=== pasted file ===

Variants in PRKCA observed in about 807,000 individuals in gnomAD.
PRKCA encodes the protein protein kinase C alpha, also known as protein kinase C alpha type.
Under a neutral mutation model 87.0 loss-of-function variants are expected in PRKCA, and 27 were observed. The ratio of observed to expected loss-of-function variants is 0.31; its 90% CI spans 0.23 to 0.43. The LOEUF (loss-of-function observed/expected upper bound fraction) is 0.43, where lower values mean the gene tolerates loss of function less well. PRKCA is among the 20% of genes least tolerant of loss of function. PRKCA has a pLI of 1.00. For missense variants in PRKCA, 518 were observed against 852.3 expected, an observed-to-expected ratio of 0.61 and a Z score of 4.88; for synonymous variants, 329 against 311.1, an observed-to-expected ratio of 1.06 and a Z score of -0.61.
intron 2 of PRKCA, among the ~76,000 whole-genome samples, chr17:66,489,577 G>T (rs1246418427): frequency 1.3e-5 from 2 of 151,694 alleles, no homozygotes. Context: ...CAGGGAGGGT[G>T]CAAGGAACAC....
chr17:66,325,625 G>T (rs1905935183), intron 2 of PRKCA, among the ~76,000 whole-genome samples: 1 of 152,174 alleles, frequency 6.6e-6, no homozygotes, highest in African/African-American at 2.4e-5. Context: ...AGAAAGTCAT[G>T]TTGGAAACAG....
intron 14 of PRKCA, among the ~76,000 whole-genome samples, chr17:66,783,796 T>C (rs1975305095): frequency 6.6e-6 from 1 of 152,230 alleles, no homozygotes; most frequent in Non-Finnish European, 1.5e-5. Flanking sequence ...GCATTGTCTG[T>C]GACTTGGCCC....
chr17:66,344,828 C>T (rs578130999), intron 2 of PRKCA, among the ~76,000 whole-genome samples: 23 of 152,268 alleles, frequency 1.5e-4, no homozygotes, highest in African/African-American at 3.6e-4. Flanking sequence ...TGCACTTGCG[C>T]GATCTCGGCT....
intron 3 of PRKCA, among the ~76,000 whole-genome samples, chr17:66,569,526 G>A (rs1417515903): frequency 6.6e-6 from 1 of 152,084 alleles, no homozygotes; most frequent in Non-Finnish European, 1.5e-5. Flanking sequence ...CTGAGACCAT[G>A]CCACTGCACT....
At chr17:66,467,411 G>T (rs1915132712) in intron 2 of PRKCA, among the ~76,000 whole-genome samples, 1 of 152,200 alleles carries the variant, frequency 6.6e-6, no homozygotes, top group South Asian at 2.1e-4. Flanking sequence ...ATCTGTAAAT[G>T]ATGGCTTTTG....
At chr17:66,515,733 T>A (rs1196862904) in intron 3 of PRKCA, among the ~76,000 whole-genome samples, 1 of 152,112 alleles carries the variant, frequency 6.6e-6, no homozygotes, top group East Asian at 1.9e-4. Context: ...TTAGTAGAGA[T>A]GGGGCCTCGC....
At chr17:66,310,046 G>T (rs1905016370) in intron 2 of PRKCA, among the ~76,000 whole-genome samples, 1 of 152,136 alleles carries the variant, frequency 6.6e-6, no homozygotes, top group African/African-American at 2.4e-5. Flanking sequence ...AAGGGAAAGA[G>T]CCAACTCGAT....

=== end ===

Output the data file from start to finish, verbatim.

Variants in PRKCA observed in about 807,000 individuals in gnomAD.
PRKCA encodes the protein protein kinase C alpha, also known as protein kinase C alpha type.
Under a neutral mutation model 87.0 loss-of-function variants are expected in PRKCA, and 27 were observed. The ratio of observed to expected loss-of-function variants is 0.31; its 90% CI spans 0.23 to 0.43. The LOEUF (loss-of-function observed/expected upper bound fraction) is 0.43, where lower values mean the gene tolerates loss of function less well. PRKCA is among the 20% of genes least tolerant of loss of function. PRKCA has a pLI of 1.00. For missense variants in PRKCA, 518 were observed against 852.3 expected, an observed-to-expected ratio of 0.61 and a Z score of 4.88; for synonymous variants, 329 against 311.1, an observed-to-expected ratio of 1.06 and a Z score of -0.61.
intron 2 of PRKCA, among the ~76,000 whole-genome samples, chr17:66,489,577 G>T (rs1246418427): frequency 1.3e-5 from 2 of 151,694 alleles, no homozygotes. Context: ...CAGGGAGGGT[G>T]CAAGGAACAC....
chr17:66,325,625 G>T (rs1905935183), intron 2 of PRKCA, among the ~76,000 whole-genome samples: 1 of 152,174 alleles, frequency 6.6e-6, no homozygotes, highest in African/African-American at 2.4e-5. Context: ...AGAAAGTCAT[G>T]TTGGAAACAG....
intron 14 of PRKCA, among the ~76,000 whole-genome samples, chr17:66,783,796 T>C (rs1975305095): frequency 6.6e-6 from 1 of 152,230 alleles, no homozygotes; most frequent in Non-Finnish European, 1.5e-5. Flanking sequence ...GCATTGTCTG[T>C]GACTTGGCCC....
chr17:66,344,828 C>T (rs578130999), intron 2 of PRKCA, among the ~76,000 whole-genome samples: 23 of 152,268 alleles, frequency 1.5e-4, no homozygotes, highest in African/African-American at 3.6e-4. Flanking sequence ...TGCACTTGCG[C>T]GATCTCGGCT....
intron 3 of PRKCA, among the ~76,000 whole-genome samples, chr17:66,569,526 G>A (rs1417515903): frequency 6.6e-6 from 1 of 152,084 alleles, no homozygotes; most frequent in Non-Finnish European, 1.5e-5. Flanking sequence ...CTGAGACCAT[G>A]CCACTGCACT....
At chr17:66,467,411 G>T (rs1915132712) in intron 2 of PRKCA, among the ~76,000 whole-genome samples, 1 of 152,200 alleles carries the variant, frequency 6.6e-6, no homozygotes, top group South Asian at 2.1e-4. Flanking sequence ...ATCTGTAAAT[G>T]ATGGCTTTTG....
At chr17:66,515,733 T>A (rs1196862904) in intron 3 of PRKCA, among the ~76,000 whole-genome samples, 1 of 152,112 alleles carries the variant, frequency 6.6e-6, no homozygotes, top group East Asian at 1.9e-4. Context: ...TTAGTAGAGA[T>A]GGGGCCTCGC....
At chr17:66,310,046 G>T (rs1905016370) in intron 2 of PRKCA, among the ~76,000 whole-genome samples, 1 of 152,136 alleles carries the variant, frequency 6.6e-6, no homozygotes, top group African/African-American at 2.4e-5. Flanking sequence ...AAGGGAAAGA[G>T]CCAACTCGAT....